The Resilience of the Travel Industry

Dear Friends,
Reading the daily news has become an increasingly depressing exercise of late. We, in the travel industry, have our fair share of woes, as discretionary spending slows, retirement funds are halved, and consumer confidence wavers.  So it was a surprise and comfort to me when I attended a meeting in Savannah last week and discovered that the outlook is not doom and gloom in all parts of this nation or world.
Last week, the National Tour Association Leadership team, comprised of tour operators, convention and visitor bureaus, hotels, tourism sites, and travel suppliers met in Savannah. As a member of the NTA’s Leadership team for the past three years, I was delighted to reconnect with some old friends and hear their news.

There’s Luca from Italy who reports Italians are used to a slow economy and he is still selling high-priced trips to affluent compatriots.  David from Ireland tells of large European choral and agricultural groups still going strong.  Student tour operators, who recently met in Colorado Springs, seem to agree that numbers are not dropping for 2009. (Parents continue to make their offspring a priority!)  Midwestern U.S. tour operators credit the fiscal conservatism of their demographic for a steady influx of business.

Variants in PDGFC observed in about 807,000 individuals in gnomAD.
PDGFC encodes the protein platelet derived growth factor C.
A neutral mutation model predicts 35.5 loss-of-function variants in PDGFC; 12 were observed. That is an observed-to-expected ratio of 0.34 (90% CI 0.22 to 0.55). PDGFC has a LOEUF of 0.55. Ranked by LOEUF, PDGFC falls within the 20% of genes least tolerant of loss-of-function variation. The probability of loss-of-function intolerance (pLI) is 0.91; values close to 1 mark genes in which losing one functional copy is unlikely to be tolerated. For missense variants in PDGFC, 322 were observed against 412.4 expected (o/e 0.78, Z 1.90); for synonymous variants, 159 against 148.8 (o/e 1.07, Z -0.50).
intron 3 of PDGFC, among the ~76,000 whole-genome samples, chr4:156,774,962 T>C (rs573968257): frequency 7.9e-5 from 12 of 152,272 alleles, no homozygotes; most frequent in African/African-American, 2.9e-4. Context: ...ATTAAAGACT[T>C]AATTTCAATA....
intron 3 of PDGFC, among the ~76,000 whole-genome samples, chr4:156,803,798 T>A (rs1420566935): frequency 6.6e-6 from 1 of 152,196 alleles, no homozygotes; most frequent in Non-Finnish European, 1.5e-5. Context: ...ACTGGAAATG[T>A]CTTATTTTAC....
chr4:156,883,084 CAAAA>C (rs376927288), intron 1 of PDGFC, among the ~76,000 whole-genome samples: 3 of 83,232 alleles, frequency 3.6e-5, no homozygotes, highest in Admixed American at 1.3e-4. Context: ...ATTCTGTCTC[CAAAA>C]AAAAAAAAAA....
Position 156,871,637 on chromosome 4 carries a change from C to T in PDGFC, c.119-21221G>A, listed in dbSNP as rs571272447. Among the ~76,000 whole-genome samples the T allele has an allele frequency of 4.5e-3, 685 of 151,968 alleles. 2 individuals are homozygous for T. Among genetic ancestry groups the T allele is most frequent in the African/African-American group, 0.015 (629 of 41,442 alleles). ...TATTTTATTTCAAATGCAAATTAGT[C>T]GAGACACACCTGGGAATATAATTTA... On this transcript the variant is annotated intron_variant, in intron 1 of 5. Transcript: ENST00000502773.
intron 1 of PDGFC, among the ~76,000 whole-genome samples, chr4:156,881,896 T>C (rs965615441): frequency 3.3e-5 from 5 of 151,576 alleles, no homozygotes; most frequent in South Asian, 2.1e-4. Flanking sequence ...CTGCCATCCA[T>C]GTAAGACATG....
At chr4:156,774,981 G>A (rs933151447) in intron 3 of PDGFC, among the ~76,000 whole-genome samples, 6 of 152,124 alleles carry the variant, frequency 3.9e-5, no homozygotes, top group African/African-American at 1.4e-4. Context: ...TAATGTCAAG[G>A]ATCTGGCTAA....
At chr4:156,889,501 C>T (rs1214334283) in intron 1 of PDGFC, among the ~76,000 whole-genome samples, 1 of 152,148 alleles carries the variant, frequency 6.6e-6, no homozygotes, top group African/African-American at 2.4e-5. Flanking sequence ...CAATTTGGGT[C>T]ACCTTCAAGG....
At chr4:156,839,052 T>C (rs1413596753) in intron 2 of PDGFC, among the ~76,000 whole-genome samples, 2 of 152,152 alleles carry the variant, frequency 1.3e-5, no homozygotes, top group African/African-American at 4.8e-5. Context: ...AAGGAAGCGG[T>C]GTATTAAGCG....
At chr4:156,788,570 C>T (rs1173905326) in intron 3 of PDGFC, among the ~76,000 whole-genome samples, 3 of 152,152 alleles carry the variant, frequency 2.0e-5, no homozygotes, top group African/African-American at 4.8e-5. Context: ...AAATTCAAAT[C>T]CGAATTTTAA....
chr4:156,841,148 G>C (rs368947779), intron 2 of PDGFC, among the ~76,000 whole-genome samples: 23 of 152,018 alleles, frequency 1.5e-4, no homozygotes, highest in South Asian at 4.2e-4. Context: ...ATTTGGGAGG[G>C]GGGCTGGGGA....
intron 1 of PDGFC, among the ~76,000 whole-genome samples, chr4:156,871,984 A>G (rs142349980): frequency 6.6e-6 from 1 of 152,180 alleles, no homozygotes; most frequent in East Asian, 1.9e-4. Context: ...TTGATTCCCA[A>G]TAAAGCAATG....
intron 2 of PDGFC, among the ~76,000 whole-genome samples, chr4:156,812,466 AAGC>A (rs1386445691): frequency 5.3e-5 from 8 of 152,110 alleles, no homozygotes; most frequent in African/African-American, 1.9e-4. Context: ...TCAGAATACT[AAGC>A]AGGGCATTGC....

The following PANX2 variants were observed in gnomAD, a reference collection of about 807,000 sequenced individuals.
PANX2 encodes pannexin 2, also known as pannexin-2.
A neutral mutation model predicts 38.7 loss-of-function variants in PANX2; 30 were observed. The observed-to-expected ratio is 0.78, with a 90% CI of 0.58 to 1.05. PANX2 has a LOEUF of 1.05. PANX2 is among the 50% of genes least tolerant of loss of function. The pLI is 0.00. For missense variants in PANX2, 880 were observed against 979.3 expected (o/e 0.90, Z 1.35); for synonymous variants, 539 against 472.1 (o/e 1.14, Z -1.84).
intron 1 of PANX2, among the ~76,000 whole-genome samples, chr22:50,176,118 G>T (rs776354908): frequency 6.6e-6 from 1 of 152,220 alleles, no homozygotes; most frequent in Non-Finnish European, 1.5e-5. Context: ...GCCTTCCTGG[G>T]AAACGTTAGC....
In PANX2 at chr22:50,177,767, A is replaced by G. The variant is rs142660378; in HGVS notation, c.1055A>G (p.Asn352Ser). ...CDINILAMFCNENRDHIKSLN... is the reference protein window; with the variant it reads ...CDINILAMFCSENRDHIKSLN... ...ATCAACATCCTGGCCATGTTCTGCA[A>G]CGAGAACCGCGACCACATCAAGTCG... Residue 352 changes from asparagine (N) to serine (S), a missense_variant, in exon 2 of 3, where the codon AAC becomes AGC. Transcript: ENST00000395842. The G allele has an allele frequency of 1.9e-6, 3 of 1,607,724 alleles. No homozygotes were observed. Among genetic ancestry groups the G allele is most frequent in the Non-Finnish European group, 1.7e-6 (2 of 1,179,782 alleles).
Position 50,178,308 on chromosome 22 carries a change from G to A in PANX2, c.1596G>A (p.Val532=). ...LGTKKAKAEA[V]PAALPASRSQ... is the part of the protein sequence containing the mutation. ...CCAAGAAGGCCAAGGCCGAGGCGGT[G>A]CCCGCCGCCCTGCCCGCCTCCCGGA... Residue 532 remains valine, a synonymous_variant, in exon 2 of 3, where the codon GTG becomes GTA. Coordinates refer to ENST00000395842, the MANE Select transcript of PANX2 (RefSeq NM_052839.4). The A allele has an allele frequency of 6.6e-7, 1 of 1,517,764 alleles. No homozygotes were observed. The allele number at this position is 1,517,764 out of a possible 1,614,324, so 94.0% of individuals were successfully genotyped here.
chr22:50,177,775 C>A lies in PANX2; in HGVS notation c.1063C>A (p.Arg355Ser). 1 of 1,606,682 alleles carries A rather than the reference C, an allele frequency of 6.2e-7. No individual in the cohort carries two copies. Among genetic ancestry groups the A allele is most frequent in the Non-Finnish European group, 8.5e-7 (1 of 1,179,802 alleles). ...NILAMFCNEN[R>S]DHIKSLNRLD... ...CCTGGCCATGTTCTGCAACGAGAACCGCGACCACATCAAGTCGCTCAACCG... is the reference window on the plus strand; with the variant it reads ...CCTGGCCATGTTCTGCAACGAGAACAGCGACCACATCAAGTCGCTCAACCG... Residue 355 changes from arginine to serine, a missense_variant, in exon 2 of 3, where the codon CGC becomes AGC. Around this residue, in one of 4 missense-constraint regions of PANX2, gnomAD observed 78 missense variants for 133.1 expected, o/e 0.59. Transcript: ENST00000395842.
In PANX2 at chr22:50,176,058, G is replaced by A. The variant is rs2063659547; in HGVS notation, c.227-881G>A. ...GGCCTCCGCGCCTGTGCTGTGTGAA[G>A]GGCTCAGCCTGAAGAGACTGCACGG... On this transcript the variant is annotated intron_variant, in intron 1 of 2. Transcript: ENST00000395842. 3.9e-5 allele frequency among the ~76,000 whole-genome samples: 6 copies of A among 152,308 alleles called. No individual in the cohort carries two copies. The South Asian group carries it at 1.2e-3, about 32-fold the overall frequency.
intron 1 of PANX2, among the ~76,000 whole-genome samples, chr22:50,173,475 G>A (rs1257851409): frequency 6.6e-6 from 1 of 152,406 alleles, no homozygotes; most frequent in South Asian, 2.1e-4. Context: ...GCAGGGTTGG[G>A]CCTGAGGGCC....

The energy and enthusiasm that pervades the travel industry was as present as ever in this group–whether wandering the streets of Savannah in search of pirate treasure (!) or sharing ideas in small group or plenary meetings. An outside observer would never doubt that we all love what we do and put our hearts into every endeavor.

It is this positive spirit and passion for travel that will see us all through yet another challenging period in our industry’s history. The human spirit loves to explore, connect and experience new sights and sensations. And we–tour operators, hotels, CVBs, DMOs, and travel suppliers–stand ready and able to fulfill that undeniable human urge–now and well into the future.

One Response to “The Resilience of the Travel Industry”
  1. Amber says:

    It was nice to see your blog.Just Keep Writing!

    Don’t pay for your electricity any longer…
    Instead, the power company will pay YOU!

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